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My brother was right. I always wanted my own Willow Girl.
What happened on that island didn’t break me.
Although, I guess it’s true what she says. You can’t become something that wasn’t inside you all along.
This was always going to happen.
For months, I’ve been waiting.
And tonight, everything will change.
Author’s Note: Twisted is a standalone dark romance, no cliffhanger!
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He says that together they twisted him.
Made him the monster he’s become.
But you can’t become something that wasn’t inside you all along.
A tear drops to the sketchbook on my lap, the blob smearing the lead. I wipe it away with the tip of my finger and watch the stain spread to the edge of the page.
I can’t seem to stop drawing that night.
The night when the Scafoni brothers stalked into our home and we were made to wear those rotting, disgusting sheaths and forced to stand on those ancient blocks as Sebastian Scafoni, first-born bastard, looked us over like we were cattle.
I can’t stop drawing the look on his face when he saw Helena.
Even if she wasn’t bound like she was, she’d have stood out.
She always thought herself the ugly duckling but she’s the most beautiful of all. She’s special. Always was. Different from us. And so much stronger.
I swipe the back of my hand across my nose and listen to the sound of tears drop fat and heavy onto the page and this time when I lay my hand on the sketch, it’s to smear the wet across like maybe I can wipe away that night. Rub it off the page. Erase it out of history like it never happened.
“Oh, now look what you’ve done,” he says. His voice is deep and low, and I swear I can feel it as much as hear it.
He takes my hand with his gloved one and pulls it away.
I look at him. I finally make myself look at him.
“I hate you.”
He grins. Shrugs a shoulder, his grip growing infinitesimally harder.
I glance at my palm—it’s black from the pencil—and look down at the page in front of me.
He’s right. It’s ruined.
But it doesn’t matter. I have dozens like it.
I can’t stop drawing that night.
Can’t stop it from happening.
Can’t stop the Scafoni bastards from walking into our lives, upending everything. Coming into our home like kings, like they owned the place.
Although, I guess they did.
They owned everything. Our house. Our land. Our parents.
I force myself to meet Gregory Scafoni’s dark eyes with their strange turquoise specks and wonder how I’d ever thought he was an angel.
When all he is, is the devil.
I’ve been watching her for weeks.
Following from the shadows. Always nearby.
Lurking, like a ghost.
And it’s a good thing for her because I’m not the only monster on these streets. She seems to attract them like bees to honey.
Sweet, sweet honey.
She feels my presence. I know it.
I see it in the way she looks over her shoulder when she steps out onto the street. The way she scans every room she enters.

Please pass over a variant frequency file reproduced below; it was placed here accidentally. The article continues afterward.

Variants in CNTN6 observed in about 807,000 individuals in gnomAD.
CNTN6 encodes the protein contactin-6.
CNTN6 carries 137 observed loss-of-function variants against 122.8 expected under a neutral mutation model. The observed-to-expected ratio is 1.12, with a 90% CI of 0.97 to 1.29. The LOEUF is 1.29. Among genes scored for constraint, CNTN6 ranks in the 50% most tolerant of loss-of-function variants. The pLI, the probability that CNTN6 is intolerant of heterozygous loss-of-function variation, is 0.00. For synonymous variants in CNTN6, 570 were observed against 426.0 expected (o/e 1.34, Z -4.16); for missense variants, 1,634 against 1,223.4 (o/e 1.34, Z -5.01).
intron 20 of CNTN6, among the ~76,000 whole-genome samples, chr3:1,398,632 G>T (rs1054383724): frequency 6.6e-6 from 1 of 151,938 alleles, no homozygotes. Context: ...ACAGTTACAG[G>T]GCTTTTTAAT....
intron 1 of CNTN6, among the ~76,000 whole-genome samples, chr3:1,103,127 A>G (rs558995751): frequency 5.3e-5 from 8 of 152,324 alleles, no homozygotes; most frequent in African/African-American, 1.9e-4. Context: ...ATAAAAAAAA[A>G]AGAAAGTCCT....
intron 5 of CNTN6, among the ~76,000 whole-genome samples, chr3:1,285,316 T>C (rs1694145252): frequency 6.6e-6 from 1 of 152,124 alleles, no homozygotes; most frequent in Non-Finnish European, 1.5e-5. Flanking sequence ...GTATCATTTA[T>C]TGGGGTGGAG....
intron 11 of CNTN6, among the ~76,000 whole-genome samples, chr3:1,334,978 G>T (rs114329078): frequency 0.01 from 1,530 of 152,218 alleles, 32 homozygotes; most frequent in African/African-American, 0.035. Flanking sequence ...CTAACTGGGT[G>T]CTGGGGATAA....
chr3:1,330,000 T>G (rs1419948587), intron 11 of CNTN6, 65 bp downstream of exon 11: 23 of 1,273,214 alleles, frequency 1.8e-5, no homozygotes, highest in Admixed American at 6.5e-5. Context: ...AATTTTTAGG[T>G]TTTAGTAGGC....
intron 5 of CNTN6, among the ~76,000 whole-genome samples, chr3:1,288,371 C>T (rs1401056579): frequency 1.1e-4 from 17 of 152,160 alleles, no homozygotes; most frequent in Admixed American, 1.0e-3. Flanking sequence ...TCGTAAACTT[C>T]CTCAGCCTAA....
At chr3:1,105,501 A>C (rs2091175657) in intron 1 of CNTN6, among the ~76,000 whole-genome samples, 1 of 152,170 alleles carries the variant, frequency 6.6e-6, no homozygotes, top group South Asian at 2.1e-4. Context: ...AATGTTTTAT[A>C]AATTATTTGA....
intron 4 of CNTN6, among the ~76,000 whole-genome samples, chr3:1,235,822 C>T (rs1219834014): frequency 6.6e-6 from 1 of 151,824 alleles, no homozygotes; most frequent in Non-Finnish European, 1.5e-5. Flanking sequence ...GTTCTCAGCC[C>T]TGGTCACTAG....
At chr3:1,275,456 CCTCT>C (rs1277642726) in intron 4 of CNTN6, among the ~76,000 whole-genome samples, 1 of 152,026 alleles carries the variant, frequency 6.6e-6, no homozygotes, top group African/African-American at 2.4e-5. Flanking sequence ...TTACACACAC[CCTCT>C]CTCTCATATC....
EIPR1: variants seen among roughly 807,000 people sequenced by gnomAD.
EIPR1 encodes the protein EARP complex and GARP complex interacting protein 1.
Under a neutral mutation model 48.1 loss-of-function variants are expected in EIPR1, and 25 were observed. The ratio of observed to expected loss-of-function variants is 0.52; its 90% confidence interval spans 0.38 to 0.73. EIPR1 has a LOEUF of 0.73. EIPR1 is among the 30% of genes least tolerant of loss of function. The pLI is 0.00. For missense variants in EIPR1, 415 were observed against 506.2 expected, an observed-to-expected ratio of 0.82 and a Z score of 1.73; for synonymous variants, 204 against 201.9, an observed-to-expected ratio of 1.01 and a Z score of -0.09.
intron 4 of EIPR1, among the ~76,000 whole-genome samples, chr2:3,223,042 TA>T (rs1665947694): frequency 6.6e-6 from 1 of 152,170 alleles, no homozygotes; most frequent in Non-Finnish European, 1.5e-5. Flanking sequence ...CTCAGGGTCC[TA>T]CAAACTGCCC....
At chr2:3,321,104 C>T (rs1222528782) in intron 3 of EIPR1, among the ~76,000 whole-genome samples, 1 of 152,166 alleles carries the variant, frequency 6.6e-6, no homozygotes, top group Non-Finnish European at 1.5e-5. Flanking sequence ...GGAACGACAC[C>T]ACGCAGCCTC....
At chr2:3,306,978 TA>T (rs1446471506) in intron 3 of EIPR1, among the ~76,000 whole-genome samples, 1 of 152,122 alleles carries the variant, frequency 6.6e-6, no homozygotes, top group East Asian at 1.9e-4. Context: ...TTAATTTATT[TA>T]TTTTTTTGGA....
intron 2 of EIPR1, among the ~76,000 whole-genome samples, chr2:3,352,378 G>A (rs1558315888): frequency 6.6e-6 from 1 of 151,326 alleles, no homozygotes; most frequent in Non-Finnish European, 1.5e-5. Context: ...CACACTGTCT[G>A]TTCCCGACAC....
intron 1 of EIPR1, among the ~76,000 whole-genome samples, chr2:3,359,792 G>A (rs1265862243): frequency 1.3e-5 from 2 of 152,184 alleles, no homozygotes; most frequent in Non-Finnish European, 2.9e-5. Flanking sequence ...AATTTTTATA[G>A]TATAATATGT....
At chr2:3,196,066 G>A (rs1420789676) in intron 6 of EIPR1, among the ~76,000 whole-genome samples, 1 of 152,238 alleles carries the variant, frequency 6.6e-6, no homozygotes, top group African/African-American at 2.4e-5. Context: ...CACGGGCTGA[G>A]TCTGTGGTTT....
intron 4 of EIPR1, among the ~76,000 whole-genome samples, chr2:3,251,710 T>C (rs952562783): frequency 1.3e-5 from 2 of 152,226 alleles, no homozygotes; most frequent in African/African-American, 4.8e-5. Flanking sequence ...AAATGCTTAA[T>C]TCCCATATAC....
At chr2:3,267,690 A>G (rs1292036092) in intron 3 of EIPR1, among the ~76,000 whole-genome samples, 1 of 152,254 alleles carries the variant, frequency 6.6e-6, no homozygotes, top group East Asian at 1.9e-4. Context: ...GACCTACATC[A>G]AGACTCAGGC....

Even inside her borrowed apartment, she knows she’s not alone.
It wasn’t hard to find her. To arrange everything for her.
And tonight, after all the preparations, all the waiting, I will reap my own Willow Girl.
I choose a seat at the darkest corner of the bar, look at my phone for the signal that she’s on her way, check my watch when I still don’t have it.
But she’ll be here. She has no choice.
The bartender appears with my drink. He gives me a nod of untrusting acknowledgment. I’ve become a regular of the hundred-year-old bar over the last weeks. It’s one of the last that still allows smoking. I do enjoy a cigarette now and again, but even I hate the lingering stale smell and constant fog of smoke. I don’t know what it is that’s drawn her to this place.
Or maybe I do.
It’s so opposite who she was.
Or who I thought she was.
I wonder if the night of the reaping broke her or if she was broken all along.
I check my phone again. Still, no message. I text Matteo.
I swallow my drink. Signal for another.
The door opens then, and I swear every time she enters a room, something shifts inside it. Like there’s a charge of energy, a wire, live and dangerous, sparking electricity.
It’s almost palpable, that shift.
And I know in an instant how she slipped unnoticed past Matteo.
The bartender does a double take. He smiles.
She makes her way to her usual spot as he sets a drink in front of her.
I hear her quiet voice from here. See her hold up her hand, signal the number three.
The bartender raises an eyebrow and she tucks her hair behind her ear and nods. The tips of her fingers are black. She must have done it herself.
A moment later, three shot glasses are lined up and tequila poured. The most expensive bottle he has.
In the months she’s been away from home, she’s changed. The docile, meek Barbie-doll is gone. Was she ever that? The darkness inside her, it’s on the outside too now. She took care of that tonight.
She drinks the first shot, pushes one toward the bartender. He likes her, I can see it. He’s probably the only guy in this place who doesn’t look at her like he wants to eat her alive. Although he’s also about eighty-years-old.